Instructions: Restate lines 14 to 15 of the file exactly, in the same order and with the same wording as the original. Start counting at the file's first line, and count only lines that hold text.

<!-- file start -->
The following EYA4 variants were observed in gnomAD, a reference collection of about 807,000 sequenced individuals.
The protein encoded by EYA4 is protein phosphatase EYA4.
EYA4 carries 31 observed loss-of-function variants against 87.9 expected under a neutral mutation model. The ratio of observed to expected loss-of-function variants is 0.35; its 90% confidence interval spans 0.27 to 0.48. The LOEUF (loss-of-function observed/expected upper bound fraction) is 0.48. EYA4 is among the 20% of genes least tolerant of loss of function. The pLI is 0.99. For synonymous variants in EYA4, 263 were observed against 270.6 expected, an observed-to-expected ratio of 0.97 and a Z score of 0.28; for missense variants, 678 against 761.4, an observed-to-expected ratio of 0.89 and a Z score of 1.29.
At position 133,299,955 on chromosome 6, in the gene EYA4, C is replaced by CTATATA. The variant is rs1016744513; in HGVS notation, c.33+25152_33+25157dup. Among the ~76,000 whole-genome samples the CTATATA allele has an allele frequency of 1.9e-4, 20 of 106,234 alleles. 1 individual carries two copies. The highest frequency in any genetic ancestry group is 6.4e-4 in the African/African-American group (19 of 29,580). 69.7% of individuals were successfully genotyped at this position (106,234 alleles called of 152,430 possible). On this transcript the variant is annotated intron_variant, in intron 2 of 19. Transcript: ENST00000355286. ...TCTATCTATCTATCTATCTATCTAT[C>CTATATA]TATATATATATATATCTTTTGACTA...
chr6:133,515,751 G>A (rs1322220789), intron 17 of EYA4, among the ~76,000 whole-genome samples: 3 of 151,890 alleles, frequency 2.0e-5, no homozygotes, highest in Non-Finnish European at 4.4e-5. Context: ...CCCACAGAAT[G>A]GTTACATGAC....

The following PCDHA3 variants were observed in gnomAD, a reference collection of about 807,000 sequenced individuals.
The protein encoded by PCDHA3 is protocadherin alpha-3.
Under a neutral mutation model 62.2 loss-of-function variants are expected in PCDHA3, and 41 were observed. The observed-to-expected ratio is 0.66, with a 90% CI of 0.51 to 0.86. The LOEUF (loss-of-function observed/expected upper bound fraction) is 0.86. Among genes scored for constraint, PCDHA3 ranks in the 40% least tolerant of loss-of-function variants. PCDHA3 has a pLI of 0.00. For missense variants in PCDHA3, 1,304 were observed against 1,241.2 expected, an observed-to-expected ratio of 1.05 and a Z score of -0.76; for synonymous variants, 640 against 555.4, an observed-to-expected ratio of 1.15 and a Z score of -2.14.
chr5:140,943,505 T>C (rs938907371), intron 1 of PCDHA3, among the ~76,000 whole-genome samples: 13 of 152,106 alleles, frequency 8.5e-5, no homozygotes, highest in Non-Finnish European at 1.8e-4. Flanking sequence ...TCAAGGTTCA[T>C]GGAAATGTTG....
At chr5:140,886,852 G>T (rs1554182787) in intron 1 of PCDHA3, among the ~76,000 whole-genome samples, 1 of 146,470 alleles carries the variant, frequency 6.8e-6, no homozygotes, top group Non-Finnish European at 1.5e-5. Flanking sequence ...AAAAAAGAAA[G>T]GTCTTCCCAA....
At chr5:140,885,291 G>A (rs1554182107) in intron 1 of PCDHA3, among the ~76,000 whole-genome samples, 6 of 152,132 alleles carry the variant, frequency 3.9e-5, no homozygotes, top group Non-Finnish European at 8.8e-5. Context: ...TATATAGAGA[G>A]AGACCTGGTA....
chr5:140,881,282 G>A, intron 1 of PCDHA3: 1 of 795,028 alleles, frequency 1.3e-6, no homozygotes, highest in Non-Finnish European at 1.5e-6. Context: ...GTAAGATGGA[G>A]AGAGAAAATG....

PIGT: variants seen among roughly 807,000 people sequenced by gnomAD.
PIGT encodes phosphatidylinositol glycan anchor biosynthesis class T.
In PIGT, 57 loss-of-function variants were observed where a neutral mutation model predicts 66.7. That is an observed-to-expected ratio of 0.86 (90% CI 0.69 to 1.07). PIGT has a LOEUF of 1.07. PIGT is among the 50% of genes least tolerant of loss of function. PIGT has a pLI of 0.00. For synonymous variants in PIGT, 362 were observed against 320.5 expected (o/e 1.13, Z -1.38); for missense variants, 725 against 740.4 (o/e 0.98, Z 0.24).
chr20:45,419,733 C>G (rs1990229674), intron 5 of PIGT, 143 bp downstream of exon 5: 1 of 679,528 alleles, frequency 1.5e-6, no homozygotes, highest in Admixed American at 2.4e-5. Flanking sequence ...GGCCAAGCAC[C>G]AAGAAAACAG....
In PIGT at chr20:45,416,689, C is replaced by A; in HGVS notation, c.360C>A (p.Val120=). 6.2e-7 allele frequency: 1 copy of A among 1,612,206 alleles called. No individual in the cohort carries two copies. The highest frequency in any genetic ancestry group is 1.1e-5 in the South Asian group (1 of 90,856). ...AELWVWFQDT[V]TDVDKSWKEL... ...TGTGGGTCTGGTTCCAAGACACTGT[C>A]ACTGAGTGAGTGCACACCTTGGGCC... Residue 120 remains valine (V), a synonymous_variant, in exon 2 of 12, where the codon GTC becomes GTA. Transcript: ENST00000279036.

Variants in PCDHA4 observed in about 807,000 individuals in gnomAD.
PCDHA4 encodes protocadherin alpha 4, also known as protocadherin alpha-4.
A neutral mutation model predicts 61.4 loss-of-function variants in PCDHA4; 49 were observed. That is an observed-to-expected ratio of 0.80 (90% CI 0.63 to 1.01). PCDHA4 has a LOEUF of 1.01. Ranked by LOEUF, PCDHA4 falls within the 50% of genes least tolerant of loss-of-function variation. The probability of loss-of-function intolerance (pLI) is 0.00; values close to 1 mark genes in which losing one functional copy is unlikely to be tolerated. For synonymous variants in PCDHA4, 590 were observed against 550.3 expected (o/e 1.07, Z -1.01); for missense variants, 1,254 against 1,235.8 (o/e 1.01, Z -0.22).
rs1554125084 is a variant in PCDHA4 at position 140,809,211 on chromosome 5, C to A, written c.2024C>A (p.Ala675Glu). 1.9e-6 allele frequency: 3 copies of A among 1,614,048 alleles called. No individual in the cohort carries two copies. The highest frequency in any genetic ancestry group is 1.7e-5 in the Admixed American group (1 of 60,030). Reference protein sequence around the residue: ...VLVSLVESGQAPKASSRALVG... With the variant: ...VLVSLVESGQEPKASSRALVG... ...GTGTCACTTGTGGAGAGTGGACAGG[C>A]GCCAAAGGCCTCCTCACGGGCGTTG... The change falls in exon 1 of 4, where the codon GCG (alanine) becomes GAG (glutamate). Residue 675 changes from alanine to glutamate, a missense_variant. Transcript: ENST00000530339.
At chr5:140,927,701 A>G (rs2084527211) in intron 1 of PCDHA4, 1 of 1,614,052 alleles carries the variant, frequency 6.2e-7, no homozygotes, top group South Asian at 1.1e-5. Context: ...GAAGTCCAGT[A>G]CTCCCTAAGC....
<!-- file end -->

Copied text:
PIGT encodes phosphatidylinositol glycan anchor biosynthesis class T.
In PIGT, 57 loss-of-function variants were observed where a neutral mutation model predicts 66.7. That is an observed-to-expected ratio of 0.86 (90% CI 0.69 to 1.07). PIGT has a LOEUF of 1.07. PIGT is among the 50% of genes least tolerant of loss of function. PIGT has a pLI of 0.00. For synonymous variants in PIGT, 362 were observed against 320.5 expected (o/e 1.13, Z -1.38); for missense variants, 725 against 740.4 (o/e 0.98, Z 0.24).